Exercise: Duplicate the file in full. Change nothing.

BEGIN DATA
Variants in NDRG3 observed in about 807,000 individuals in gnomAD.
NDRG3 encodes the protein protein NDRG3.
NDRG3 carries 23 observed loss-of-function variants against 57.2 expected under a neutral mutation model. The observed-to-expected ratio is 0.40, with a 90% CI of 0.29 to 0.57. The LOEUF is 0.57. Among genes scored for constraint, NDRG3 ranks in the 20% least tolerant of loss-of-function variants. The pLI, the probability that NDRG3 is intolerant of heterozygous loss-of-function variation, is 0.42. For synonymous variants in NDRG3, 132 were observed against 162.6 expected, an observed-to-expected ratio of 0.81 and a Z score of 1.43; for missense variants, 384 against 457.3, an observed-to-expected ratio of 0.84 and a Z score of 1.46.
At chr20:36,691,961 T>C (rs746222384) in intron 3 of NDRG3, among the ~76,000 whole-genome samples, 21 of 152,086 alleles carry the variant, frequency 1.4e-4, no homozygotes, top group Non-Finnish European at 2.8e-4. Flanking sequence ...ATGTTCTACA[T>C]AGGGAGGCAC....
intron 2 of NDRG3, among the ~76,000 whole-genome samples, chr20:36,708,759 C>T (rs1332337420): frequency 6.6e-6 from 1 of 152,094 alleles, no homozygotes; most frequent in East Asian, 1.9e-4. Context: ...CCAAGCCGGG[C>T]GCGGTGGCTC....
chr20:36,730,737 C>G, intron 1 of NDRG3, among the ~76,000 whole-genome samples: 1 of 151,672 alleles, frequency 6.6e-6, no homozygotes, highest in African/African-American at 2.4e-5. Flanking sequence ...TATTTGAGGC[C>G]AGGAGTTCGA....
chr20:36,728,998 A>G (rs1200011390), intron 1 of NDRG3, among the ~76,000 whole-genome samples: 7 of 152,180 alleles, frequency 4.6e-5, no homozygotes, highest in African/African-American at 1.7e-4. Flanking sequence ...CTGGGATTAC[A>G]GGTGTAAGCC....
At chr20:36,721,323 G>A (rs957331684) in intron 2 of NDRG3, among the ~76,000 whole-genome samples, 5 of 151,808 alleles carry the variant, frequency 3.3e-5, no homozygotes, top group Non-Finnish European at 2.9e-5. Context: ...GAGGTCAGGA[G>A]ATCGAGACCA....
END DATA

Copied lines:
Variants in NDRG3 observed in about 807,000 individuals in gnomAD.
NDRG3 encodes the protein protein NDRG3.
NDRG3 carries 23 observed loss-of-function variants against 57.2 expected under a neutral mutation model. The observed-to-expected ratio is 0.40, with a 90% CI of 0.29 to 0.57. The LOEUF is 0.57. Among genes scored for constraint, NDRG3 ranks in the 20% least tolerant of loss-of-function variants. The pLI, the probability that NDRG3 is intolerant of heterozygous loss-of-function variation, is 0.42. For synonymous variants in NDRG3, 132 were observed against 162.6 expected, an observed-to-expected ratio of 0.81 and a Z score of 1.43; for missense variants, 384 against 457.3, an observed-to-expected ratio of 0.84 and a Z score of 1.46.
At chr20:36,691,961 T>C (rs746222384) in intron 3 of NDRG3, among the ~76,000 whole-genome samples, 21 of 152,086 alleles carry the variant, frequency 1.4e-4, no homozygotes, top group Non-Finnish European at 2.8e-4. Flanking sequence ...ATGTTCTACA[T>C]AGGGAGGCAC....
intron 2 of NDRG3, among the ~76,000 whole-genome samples, chr20:36,708,759 C>T (rs1332337420): frequency 6.6e-6 from 1 of 152,094 alleles, no homozygotes; most frequent in East Asian, 1.9e-4. Context: ...CCAAGCCGGG[C>T]GCGGTGGCTC....
chr20:36,730,737 C>G, intron 1 of NDRG3, among the ~76,000 whole-genome samples: 1 of 151,672 alleles, frequency 6.6e-6, no homozygotes, highest in African/African-American at 2.4e-5. Flanking sequence ...TATTTGAGGC[C>G]AGGAGTTCGA....
chr20:36,728,998 A>G (rs1200011390), intron 1 of NDRG3, among the ~76,000 whole-genome samples: 7 of 152,180 alleles, frequency 4.6e-5, no homozygotes, highest in African/African-American at 1.7e-4. Flanking sequence ...CTGGGATTAC[A>G]GGTGTAAGCC....
At chr20:36,721,323 G>A (rs957331684) in intron 2 of NDRG3, among the ~76,000 whole-genome samples, 5 of 151,808 alleles carry the variant, frequency 3.3e-5, no homozygotes, top group Non-Finnish European at 2.9e-5. Context: ...GAGGTCAGGA[G>A]ATCGAGACCA....